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THE POPULAR SCIENCE MONTHLY.

want to know the amount of slavery that will, under the contract, be inflicted on me.

I take it for granted that I should occupy no other position than that habitually accepted by such men as Emerson, Sumner, Wendell Phillips, Wendell Holmes. I should not, of course, dream of becoming a traveling lecturer in England, and I should as little dream of doing so in America if the constitution of society were not such as to render the work of lecturing not unworthy of your own best men.

The best men in England, be it remembered, would engage in nothing of the kind.

Between the time of his first visit to Europe, in 1862, and the time, ten years later, of Prof. Tyndall's coming to this country, my brother had made several visits abroad, and his acquaintance with Tyndall had ripened into friendship. In 1871, when he was in England establishing the International Scientific Series (of which the first volume was prepared by Tyndall), he received from him much friendly counsel and important aid, and, in fact, in a letter of June 23, 1871, from my brother, I find it stated that—

Tyndall is arranging to come over next year. Two illustrated lectures on the glaciers, two or three on heat, others on light and electricity. "I want you to take entire charge of me so far as the public is concerned; my assistant will take charge of experiments. I will not enslave myself. I will take it just as easy as I have a mind to. I don't want your money, nor will I bring away one dollar of it. I will help your scientific institutions with it; but it shall not be said that I went to America to line my pockets. I have no reflections to cast upon those Englishmen who have chosen to do this. It may have been right for them, but it won't do for me."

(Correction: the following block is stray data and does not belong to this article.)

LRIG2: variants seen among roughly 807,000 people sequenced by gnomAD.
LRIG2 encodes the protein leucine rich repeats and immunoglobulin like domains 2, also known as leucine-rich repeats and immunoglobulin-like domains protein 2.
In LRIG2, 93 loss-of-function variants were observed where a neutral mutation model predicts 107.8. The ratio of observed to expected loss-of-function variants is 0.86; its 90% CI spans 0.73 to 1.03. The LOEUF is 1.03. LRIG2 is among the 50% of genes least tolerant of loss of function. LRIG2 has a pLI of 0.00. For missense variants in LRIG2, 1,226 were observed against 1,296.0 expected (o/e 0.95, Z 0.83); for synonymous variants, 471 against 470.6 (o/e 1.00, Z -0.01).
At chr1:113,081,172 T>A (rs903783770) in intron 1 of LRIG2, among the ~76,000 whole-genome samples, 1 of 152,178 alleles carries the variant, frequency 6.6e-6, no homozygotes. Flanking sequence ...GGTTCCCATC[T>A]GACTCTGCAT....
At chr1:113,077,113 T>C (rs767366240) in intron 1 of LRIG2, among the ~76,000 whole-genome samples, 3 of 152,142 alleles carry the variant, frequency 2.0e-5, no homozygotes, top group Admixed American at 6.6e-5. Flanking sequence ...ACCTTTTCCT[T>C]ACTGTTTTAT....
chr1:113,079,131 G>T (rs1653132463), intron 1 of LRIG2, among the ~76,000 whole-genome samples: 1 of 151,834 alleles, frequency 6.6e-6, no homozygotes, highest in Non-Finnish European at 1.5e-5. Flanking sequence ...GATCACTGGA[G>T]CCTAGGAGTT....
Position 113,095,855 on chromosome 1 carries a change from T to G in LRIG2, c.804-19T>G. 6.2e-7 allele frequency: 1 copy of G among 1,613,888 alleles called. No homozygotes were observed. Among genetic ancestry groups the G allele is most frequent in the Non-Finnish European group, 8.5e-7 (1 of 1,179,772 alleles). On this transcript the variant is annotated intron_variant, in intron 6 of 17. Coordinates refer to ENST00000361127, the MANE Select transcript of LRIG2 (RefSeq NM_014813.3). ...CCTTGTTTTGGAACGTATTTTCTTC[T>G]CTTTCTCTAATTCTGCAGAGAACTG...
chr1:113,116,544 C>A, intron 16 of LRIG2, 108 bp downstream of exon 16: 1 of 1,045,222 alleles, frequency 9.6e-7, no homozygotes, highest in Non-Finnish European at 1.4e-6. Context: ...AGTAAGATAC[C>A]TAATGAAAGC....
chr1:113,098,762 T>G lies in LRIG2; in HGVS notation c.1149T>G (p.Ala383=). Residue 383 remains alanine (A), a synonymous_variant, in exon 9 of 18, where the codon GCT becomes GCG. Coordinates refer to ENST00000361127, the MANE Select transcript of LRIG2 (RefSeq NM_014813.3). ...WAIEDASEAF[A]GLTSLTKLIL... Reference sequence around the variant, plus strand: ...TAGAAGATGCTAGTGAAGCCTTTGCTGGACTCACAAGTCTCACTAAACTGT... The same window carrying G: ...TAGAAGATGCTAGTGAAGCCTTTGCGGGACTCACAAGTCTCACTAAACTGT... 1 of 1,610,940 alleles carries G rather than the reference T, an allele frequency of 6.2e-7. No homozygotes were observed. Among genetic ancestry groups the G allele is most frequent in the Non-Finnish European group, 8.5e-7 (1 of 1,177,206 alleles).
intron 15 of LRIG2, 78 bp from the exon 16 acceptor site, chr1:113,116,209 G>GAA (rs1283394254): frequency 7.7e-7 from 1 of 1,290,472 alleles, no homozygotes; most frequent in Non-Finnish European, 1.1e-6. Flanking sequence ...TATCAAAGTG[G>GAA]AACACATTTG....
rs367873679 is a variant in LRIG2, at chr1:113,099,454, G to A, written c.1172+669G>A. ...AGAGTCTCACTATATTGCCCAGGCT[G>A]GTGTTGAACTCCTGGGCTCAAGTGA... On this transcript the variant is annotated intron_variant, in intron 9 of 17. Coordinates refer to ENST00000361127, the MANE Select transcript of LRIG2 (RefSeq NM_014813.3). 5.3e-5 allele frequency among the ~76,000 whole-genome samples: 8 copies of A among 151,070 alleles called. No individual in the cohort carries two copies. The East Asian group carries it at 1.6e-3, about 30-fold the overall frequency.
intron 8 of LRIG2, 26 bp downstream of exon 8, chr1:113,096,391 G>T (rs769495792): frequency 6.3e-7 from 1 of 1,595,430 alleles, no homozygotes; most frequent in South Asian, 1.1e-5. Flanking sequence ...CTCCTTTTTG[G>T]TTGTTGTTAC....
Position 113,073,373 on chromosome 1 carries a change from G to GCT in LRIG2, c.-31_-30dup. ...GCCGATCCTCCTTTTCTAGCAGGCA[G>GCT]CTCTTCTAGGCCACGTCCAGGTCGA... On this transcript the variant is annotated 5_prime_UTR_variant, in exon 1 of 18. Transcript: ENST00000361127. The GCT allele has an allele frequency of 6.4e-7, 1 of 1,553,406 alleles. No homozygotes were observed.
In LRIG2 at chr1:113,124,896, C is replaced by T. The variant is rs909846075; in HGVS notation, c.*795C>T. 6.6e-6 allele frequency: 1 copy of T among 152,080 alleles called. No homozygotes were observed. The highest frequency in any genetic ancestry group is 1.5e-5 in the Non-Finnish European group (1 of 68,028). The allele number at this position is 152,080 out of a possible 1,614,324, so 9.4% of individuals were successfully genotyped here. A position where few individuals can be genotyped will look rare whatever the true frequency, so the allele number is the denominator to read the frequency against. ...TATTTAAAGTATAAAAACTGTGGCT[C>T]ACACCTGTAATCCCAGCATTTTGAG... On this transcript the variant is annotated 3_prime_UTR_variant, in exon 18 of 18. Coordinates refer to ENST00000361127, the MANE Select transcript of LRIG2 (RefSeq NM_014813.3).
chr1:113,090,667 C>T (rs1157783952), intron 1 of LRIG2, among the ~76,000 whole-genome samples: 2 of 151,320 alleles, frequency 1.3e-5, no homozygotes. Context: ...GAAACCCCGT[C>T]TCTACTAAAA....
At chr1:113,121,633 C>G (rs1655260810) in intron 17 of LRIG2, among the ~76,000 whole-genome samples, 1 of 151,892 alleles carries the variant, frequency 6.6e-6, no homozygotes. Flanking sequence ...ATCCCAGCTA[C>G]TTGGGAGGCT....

The next letter bearing upon the subject shows that plans for his lectures here were on foot, and that he had asked Prof. Henry to arrange the times and places for him. This is quite in keeping with English reverence for institutions, and Prof. Henry stood for the Smithsonian Institution.

May 28, 1872.

My Dear Youmans: You will have your kindness toward me tested by Prof. Henry in regard to the coming lectures. I wrote to him saying that I knew you would help me, and he has written to me to say he would call upon you.

He proposes five cities (and perhaps others) in which to lecture—I have expressed my willingness to give a course of six lectures in each at the rate of three a week. Two things render it desirable that the number should not exceed three a week. Firstly, I must keep up my physical vigor, and the night subsequent to a lecture is only too likely to be a sleepless one. Secondly, it is above all things desirable to make sure of the experimental arrangements the day before the lecture. . . .

Yours ever,
John Tyndall.

The revelation given in the next letter of Prof. Tyndall's mental state concerning the commercial resources of Boston is too characteristically English to be omitted: